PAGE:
I left Egypt by plane two weeks ago, though just barely. The taxi driver ran out of gas about a mile from the airport and hailed another cab while still hurtling at 70 miles an hour. Pulled over on the side of the highway, the two men hoisted our bags from one cab to the other for the last stretch in the heat, past signs reading, “Keep Heliopolis clean. It’s the first place the tourists see!”
At the airport, we were waved to the terminal and anonymous helpers emerged to maneuver our little luggage cart over the chipped curbs. We walked past women waiting in the sun because they could not afford the five pounds it costs to enter the airport to greet incoming family.
At check-in, nobody charged us for our comically overweight bags, nor did anyone seem to be paying attention as we set off the metal detector’s three short beeps. A wiry male attendant stretched out his hand to guide us to the check-in counter while holding back men in gallabiyas. The sign above read ‘first class.’ We weren’t flying first class but it didn’t seem to matter. Then I noticed: we had bypassed about ten other people, mostly Egyptians, who had been standing there far longer. The fewness of their number made the guilt more intimate.
I’ve spent the last nine months in Egypt trying to understand and come to terms with this dynamic, in which Westerners are treated as special, almost fragile, and Egyptians trample each other in order to serve them. Even on the ‘winning’ end of this situation, it’s exhausting and makes it hard to muster the energy to visit hubs of tourism: the airport, the pyramids, Khan al-Khalili, Luxor, and Abu Simbel. Drink sellers and camel guides ruthlessly steal each other’s business while shouting and corralling you towards their offerings. When I picked up my mother at the airport several months ago, two taxi drivers nearly got into a fistfight over which would take us home. At certain Red Sea resorts, Egyptians are not allowed entrance unless they work there.
The first cause for all this is fairly obvious. The uprisings eighteen months ago crashed the tourism sector and those most directly affected by it are desperate and willing to grovel for the few tourists who show up to extract as much business from them as possible.
The second cause is much harder to lay a finger on. I think Alaa Al Aswany has come closest to making sense of it because issues of dignity and human interaction are the realm of the creative, not the political writer, and he attempts to be both. Last week in a newspaper column, he attacked what he calls the “tame citizens” of Egypt. These Egyptians got used to the daily indignities demanded by Mubarak’s corruption, he argues, and are too self-serving or afraid to support the real political changes demanded by the ‘revolution.’ They voted for Shafik, he believes, and traded their dignity for false security.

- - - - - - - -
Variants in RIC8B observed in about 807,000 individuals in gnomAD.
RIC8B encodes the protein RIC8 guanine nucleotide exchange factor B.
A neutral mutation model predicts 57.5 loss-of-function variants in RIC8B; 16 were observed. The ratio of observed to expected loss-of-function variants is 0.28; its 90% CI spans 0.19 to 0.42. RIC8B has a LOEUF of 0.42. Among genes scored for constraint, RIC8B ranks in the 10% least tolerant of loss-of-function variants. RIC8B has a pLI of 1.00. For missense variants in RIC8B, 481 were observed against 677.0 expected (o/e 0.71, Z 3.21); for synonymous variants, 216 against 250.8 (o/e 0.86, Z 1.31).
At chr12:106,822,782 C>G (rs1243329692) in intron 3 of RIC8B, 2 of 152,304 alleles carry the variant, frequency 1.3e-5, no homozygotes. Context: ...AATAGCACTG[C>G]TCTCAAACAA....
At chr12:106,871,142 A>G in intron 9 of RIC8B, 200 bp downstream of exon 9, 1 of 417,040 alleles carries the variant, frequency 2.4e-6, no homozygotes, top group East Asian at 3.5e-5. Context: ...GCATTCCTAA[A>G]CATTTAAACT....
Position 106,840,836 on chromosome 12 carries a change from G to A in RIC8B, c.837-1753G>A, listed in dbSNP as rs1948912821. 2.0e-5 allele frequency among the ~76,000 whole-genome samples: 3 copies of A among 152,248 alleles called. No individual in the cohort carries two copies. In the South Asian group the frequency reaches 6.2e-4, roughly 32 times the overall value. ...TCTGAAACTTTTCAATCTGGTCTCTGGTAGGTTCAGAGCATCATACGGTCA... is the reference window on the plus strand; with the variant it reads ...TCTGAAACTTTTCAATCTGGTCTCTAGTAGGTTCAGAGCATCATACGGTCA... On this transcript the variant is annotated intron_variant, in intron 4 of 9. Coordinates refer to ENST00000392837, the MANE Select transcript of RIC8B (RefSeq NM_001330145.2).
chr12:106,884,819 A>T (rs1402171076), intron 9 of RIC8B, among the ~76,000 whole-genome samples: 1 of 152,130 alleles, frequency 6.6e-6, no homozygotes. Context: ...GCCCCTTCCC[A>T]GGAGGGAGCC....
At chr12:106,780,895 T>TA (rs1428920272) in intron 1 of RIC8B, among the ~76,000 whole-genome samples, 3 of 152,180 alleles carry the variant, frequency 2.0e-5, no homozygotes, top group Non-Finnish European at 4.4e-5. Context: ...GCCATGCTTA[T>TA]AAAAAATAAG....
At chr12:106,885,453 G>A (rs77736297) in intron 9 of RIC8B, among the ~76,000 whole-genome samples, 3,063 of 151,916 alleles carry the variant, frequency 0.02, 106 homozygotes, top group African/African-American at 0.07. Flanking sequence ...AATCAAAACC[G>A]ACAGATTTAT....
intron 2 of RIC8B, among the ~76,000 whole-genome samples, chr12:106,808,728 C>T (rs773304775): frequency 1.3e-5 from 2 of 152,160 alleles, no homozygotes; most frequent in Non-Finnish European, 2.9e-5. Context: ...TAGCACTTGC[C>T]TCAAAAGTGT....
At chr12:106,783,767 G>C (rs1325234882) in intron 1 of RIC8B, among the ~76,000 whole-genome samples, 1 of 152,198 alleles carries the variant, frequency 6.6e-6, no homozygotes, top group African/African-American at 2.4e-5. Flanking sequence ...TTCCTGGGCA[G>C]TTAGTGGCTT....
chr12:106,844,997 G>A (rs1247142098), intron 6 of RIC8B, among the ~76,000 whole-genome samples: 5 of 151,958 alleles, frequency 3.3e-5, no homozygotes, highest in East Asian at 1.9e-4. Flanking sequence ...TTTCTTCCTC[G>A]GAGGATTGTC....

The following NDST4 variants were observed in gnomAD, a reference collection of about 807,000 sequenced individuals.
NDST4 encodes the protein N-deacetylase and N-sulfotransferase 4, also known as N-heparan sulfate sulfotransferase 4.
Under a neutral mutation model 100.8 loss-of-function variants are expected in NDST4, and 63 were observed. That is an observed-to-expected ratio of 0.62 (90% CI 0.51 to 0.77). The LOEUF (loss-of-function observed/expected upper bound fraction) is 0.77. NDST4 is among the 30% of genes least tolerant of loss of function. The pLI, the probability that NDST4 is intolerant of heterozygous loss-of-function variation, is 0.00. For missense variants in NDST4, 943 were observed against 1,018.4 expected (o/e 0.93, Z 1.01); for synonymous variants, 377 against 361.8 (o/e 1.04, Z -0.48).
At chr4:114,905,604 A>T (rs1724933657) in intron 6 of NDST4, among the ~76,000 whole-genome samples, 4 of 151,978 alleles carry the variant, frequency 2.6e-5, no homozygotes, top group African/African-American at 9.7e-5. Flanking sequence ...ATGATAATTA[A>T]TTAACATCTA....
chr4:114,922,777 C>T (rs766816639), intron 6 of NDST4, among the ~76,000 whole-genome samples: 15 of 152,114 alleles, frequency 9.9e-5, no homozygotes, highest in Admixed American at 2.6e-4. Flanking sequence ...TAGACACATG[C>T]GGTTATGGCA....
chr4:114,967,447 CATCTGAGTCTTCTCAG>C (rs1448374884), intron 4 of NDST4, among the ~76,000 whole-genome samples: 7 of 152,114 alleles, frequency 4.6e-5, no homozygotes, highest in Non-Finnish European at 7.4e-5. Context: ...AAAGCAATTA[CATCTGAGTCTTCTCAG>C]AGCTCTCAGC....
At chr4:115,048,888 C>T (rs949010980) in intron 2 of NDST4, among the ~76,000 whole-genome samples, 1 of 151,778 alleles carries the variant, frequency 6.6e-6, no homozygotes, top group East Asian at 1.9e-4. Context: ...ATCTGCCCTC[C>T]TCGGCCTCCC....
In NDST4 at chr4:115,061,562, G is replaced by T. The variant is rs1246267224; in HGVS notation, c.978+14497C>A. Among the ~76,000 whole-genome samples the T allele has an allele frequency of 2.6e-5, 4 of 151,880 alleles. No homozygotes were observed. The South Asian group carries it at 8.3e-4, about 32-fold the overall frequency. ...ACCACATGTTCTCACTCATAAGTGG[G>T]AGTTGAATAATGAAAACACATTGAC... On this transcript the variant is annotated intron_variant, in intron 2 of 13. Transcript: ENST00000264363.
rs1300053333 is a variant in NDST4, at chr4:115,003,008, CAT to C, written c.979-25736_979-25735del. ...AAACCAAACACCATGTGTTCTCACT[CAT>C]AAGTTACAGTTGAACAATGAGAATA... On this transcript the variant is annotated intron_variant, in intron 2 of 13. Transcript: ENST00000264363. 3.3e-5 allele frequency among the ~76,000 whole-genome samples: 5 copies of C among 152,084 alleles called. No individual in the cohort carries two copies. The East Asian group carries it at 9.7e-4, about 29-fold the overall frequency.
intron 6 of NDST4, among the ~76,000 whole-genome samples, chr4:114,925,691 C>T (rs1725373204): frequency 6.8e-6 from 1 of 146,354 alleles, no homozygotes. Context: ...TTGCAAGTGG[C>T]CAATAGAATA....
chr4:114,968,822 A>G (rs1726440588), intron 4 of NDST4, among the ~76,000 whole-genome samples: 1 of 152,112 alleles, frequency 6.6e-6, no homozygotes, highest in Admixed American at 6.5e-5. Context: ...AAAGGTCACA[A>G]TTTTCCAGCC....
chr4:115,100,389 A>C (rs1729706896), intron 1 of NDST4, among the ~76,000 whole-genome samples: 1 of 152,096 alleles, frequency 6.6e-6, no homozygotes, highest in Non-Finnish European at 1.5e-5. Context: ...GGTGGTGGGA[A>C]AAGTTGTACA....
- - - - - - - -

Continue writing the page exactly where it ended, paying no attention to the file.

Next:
Al Aswany’s anger leads him to lump together and excoriate a large group of people who don’t necessarily deserve disgust. I don’t believe that every Shafik voter is a bad person.
But he does capture and isolate a distinct moment in Egyptian social life since the revolution. Under the Mubarak regime, he writes, “ideas about the world became distorted -- courage was stupidity and sycophancy was a form of shrewdness.”
Al Aswany in uniquely able to explain how the revolution failed to dismantle the systems of shame, the networks of humiliation, that began before Mubarak and festered to a point of explosion under his rule. He concludes sourly, “Would we expect such people to support the revolution?”
Again, I don’t completely agree. I don’t think it’s one distinct group of Egyptians that are to blame, but a pervasive and invisible social force that is hard to diagnose and even harder to cure. “The revolution forced Egyptian society to look in the mirror,” Al Aswany writes perceptively, “revealing the gross deformities left by the Mubarak regime.”
Those deformities are difficult for foreigners living in Egypt—and nearly impossible for tourists—to see. They guide the way that even Egyptians outside of the tourism industry respond to foreigners, and yet it is easily to interpret it as friendliness and hospitality. But the guilt slowly takes over as you realize how desperate everyone is. The number of young men who asked me to help them find an American wife represented more than exceptions or daydreamers.
The revolution, whatever its faults or illusions, opened up a space for those deformities to be challenged. The celebrations accompanying Morsi’s victory in the election last week felt like more than a political victory over the remnants of the former regime and Shafik’s promise of return to a security state. They also felt like a reassertion of dignity. It must have been a beautiful moment to be Egyptian.
There will inevitably be excesses, mistakes, and scapegoats. In the 1950’s, Nasser kicked out Jews and Greeks as he attempted to take back national pride after decades of British occupation. Now, foreign women get assaulted in the street as police retreat from the streets and the limits of what is permissible lose their precision. I think both are a regrettable and tragic but ultimately unavoidable part of rising above national exploitation, whether under the British or a native and corrupt ruling class.
After seeing the excitement in the streets that accompanied Morsi’s win, I was jarred by the way I was treated at the airport. I was reminded of the old, persistent dynamic in which as a foreigner you feel like you’re exploiting people over and over again. I hope when I return I won’t feel like a little king, though I imagine that the Cairo airport (“the first place the tourists see!”) will be one of the last places to change. After all, it was built by Shafik.